Most people don't explicitly use encryption, but it's built into apps they use every day. Do the draft guidelines also extend to products and services with built-in encryption like WhatsApp? If yes - and the language certainly suggests it does - then combine them with governments requirements for its citizens, as proposed in the draft guidelines, and we could have very worrying scenarios.
The draft guidelines read "All citizens (C), including personnel of Government/ Business (G/B) performing non-official/ personal functions, are required to store the plaintexts of the corresponding encrypted information for 90 days from the date of transaction and provide the verifiable Plain Text to Law and Enforcement Agencies as and when required as per the provision of the laws of the country."
WhatsApp messages are now encrypted end-to-end. So do the draft guidelines mean you have to store a copy of all your WhatsApp messages for 90 days? What about Snapchat? Or any other form of ephemeral messaging that is automatically deleted after being read? The consumer is expected to maintain plain text copies of all communications for 90 days - so that these can be produced if required by the laws of the land - so, will it even legal to read a message that deletes itself, if and when the draft guidelines become law?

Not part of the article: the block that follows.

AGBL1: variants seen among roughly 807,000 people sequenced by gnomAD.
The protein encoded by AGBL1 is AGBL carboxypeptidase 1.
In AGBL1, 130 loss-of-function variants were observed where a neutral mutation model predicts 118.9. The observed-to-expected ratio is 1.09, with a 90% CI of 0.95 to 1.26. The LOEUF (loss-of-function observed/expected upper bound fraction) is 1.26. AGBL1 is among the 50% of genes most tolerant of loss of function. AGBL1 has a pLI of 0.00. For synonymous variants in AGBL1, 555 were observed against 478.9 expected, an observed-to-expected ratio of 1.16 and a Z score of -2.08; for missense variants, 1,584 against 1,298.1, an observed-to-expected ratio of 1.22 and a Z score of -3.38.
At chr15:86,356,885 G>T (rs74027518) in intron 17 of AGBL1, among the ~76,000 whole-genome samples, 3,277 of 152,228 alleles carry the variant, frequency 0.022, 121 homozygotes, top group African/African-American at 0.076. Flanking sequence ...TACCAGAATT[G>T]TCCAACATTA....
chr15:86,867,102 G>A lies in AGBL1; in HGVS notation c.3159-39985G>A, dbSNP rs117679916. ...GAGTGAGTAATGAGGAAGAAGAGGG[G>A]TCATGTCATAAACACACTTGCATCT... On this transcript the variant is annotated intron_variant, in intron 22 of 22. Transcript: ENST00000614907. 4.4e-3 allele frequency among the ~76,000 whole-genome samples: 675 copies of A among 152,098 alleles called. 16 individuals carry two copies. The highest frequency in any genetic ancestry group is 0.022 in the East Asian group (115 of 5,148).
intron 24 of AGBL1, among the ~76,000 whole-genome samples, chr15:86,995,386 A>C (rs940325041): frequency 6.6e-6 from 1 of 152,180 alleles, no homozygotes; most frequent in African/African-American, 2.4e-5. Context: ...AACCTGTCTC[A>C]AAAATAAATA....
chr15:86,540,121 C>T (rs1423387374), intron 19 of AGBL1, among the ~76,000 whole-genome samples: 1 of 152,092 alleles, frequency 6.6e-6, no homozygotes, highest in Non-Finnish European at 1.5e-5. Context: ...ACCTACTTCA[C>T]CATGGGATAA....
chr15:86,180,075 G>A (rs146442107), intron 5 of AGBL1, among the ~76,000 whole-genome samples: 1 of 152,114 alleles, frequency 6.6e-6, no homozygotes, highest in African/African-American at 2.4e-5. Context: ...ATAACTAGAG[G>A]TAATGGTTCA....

The draft policy document states that the vision is to create an information security environment, and secure transactions. But the actual details mentioned in the draft appear to do the opposite, and put a focus more on the lines of limiting encryption only to technologies that likely could be intercepted by the government, when required.
This is in many ways similar to the Telecom Regulatory Authority of India's draft letter on Net Neutrality, which instead talked about issues like cyberbullying and 'sexting'. In the feedback period, Trai received over 1 million emails. but the Department of Telecom report on Net Neutrality also went against public sentiment on certain things, suggesting that telcos should be allowed to charge extra for specific services, such as Skype or WhatsApp voice calls in India, showing that calls for feedback aren't necessarily being taken seriously.